The best (and worst) rebrandings we’ve seen

The best (and worst) rebrandings we’ve seen


The branding process is an important part of the communication strategy of any brand. Through this process a team of creatives set out the guidelines to identify a brand by its visual components and voice tone.

Almost all brands update their image throughout the years to stay relevant. When a branding solution hasn’t had the expected result, maybe it’s a good idea to make changes. This is what is known as rebranding

When a brand is modified, the main objective is to change its positioning, either because the brand has changed or because the positioning they were pursuing has not been achieved.

To renew a brand, refresh its image and adapt to new tendencies is all about changing what doesn’t work or what actually works but could work better.

Rebranding is one of the most complicated decisions in a company, it’s expensive and sometimes uncertain, which is why it’s good to have funcional examples of past rebrandings.

Great rebranding stories

  • Apple

Possibly one of the best rebranding stories of our era belongs to Apple. In the early and mid90s, The company suffered from low sales, low consumer interest and intense competition that kept customers away from them.

The brand didn’t represent much, and certainly couldn’t stand out, until Steve Jobs took over the company in 1997 and began to change consumer expectations.

With a minimalist and modern image, a dozen of new innovative products and a bunch of marketing and advertising campaigns focused on ideas and experiences rather than on products or purchases, Apple became what it is known as today.


  • Facebook

Mark Zuckerberg recently presented a new Facebook logo for corporate use. This innovative new emblem has an adaptive color palette for each of its multiple application, carrying over the same essence but shifting its values, with a custom typeface resembling Cre Gothic Bold with curved diagonals, harmonized letter proportions and open space between them.


  • Airbnb

Airbnb is a great example of how some startups don’t pay enough attention to branding when launching. It’s also an amazing example of how a quality rebranding can shift your brand to new possibilities.

In 2014, Airbnb debuted a new brand identity designed by designstudio with a new palette of colors, a typography and a new brand, called “bélo”.

The premise behind the change of the  brand was to create a major sense of belonging, and this was done through the formation of a new “community symbol that can be expressed differently by each member of the community and in each list – it is not limited by language, culture or location.”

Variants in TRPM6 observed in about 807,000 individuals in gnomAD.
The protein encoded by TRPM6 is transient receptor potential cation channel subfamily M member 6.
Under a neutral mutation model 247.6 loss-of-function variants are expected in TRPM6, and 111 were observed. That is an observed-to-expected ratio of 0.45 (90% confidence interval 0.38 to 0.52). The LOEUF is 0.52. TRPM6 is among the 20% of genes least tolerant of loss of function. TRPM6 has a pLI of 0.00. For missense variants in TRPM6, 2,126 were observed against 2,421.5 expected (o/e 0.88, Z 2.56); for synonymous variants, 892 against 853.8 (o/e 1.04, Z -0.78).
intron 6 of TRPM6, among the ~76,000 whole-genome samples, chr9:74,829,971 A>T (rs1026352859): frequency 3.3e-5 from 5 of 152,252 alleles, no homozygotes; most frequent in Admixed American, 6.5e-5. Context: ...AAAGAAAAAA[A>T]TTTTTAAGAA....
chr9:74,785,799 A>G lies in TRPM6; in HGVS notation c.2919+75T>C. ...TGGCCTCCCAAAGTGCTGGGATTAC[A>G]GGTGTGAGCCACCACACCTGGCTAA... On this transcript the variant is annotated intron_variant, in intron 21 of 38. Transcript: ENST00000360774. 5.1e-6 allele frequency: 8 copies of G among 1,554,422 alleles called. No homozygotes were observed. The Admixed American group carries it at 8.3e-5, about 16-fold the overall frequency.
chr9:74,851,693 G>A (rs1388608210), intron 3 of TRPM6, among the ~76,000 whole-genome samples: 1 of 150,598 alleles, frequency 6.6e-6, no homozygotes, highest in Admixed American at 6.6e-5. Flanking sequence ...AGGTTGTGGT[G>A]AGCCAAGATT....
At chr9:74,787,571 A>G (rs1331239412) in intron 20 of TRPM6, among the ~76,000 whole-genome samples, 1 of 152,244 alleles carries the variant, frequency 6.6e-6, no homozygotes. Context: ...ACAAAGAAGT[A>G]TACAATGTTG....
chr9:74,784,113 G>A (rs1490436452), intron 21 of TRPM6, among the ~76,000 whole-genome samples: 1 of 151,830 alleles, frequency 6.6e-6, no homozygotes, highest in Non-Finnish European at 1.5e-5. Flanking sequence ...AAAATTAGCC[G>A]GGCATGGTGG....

• Cinépolis

In June of 2019, Cinépolis presented a new dynamic logo that adapts to different circumstances, joint by a new minimalist approach to design, taking the risk to change some colors, make their brand lighter and creating a new style.


Not as great rebranding stories

  • GAP

  The textile company Gap decided to renew its logo in 2010 to make it more modern. When they announced the change of image an avalanche of criticism came through social media.

Six days after the launch of their new logo, they decided to erase any trace of it, and continue with the old one.


  • Sams

It seems to be the new Sam’s Club logo went too far into minimalism and stole the essence that characterized it. The new identity consists of two lines with angles that are in opposite directions, as well as a new sans serif typeface totally in lowercase. They also lost the different shades of indigo and green they had, only an opaque blue and white were left behind.


  • Canal de las Estrellas

Mexico’s biggest TV network, Televisa renewed the image for one of its channels and reduced its name to Las Estrellas, with a visual identity that generated criticism through its use of colors similar to those of its direct competitor TV Azteca.

This change hasn’t been fully accepted by its audience, but they decided to go through with it and hope for the best.


Rebranding has its pros and cons. You will usually find opinions divided between people who like changes and others who don’t. The secret is to focus on understanding transmitting what the public really wants.

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